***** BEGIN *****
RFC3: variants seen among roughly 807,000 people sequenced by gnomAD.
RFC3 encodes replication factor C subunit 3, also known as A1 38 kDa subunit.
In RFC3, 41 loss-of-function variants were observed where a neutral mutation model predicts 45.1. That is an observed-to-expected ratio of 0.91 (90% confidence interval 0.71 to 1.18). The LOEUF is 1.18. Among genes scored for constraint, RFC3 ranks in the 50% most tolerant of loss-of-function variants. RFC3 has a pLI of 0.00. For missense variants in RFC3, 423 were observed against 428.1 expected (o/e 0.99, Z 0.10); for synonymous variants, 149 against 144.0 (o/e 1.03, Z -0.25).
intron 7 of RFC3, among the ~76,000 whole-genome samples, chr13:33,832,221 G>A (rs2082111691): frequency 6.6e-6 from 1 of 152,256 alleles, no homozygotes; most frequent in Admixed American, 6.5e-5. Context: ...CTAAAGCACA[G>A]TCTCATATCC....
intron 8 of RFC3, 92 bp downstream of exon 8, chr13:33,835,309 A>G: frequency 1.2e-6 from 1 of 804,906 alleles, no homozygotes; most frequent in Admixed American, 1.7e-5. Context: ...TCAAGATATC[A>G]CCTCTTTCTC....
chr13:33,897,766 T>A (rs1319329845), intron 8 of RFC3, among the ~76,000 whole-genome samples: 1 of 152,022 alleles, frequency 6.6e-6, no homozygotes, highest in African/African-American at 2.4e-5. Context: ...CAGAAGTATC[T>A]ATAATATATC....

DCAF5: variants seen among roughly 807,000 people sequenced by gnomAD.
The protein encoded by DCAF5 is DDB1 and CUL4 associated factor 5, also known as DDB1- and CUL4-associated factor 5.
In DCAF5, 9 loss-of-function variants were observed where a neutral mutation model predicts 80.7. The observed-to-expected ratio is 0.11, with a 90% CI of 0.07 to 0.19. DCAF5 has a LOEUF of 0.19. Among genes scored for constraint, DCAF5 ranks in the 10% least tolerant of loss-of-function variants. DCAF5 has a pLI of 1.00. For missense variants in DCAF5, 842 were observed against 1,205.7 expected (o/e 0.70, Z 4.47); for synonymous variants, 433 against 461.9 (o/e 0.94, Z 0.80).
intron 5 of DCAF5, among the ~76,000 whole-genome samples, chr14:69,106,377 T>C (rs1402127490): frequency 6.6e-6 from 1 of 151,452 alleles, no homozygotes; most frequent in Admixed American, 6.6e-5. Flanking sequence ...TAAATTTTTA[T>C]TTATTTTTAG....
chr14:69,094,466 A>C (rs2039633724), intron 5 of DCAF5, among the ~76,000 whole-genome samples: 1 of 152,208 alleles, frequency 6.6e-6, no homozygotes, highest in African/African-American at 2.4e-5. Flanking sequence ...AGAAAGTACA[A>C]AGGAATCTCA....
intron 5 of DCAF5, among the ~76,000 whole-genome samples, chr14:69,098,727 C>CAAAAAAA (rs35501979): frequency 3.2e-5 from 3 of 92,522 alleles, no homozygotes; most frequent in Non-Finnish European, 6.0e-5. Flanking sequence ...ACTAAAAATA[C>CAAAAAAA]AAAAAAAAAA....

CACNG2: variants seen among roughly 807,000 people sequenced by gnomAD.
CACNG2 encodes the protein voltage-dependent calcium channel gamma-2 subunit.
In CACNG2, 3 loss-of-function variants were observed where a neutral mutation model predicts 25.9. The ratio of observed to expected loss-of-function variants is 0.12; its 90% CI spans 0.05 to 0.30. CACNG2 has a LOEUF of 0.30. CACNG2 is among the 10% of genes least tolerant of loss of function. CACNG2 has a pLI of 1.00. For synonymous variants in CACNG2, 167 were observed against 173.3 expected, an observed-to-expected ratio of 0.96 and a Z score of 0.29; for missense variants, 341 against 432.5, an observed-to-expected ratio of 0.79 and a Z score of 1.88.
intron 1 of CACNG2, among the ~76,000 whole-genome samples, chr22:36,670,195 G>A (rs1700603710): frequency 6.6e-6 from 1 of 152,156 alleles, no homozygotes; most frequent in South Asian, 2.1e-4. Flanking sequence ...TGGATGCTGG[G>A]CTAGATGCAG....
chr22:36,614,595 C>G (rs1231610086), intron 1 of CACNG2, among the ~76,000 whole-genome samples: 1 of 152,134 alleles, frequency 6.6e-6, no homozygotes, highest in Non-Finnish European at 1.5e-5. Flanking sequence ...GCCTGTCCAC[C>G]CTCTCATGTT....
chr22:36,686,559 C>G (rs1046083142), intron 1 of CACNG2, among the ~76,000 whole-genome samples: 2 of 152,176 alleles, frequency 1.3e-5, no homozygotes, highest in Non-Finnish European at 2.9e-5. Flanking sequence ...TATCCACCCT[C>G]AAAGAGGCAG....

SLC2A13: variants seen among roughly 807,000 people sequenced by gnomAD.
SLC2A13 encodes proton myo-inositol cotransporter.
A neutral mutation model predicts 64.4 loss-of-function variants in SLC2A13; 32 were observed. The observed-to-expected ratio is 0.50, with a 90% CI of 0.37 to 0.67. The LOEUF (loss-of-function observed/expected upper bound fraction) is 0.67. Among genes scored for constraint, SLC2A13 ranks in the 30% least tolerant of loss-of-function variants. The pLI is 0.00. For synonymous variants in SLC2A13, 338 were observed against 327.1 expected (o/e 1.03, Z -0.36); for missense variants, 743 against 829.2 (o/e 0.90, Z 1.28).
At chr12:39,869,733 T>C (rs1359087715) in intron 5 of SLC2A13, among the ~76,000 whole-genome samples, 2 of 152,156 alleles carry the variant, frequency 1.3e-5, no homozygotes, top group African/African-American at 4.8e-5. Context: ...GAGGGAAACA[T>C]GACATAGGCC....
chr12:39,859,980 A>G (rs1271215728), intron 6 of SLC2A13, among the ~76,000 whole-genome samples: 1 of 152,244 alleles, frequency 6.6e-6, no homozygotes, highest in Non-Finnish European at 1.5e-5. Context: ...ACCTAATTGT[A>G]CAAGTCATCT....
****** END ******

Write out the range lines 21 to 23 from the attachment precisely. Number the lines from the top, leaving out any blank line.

A neutral mutation model predicts 64.4 loss-of-function variants in SLC2A13; 32 were observed. The observed-to-expected ratio is 0.50, with a 90% CI of 0.37 to 0.67. The LOEUF (loss-of-function observed/expected upper bound fraction) is 0.67. Among genes scored for constraint, SLC2A13 ranks in the 30% least tolerant of loss-of-function variants. The pLI is 0.00. For synonymous variants in SLC2A13, 338 were observed against 327.1 expected (o/e 1.03, Z -0.36); for missense variants, 743 against 829.2 (o/e 0.90, Z 1.28).
At chr12:39,869,733 T>C (rs1359087715) in intron 5 of SLC2A13, among the ~76,000 whole-genome samples, 2 of 152,156 alleles carry the variant, frequency 1.3e-5, no homozygotes, top group African/African-American at 4.8e-5. Context: ...GAGGGAAACA[T>C]GACATAGGCC....
chr12:39,859,980 A>G (rs1271215728), intron 6 of SLC2A13, among the ~76,000 whole-genome samples: 1 of 152,244 alleles, frequency 6.6e-6, no homozygotes, highest in Non-Finnish European at 1.5e-5. Context: ...ACCTAATTGT[A>G]CAAGTCATCT....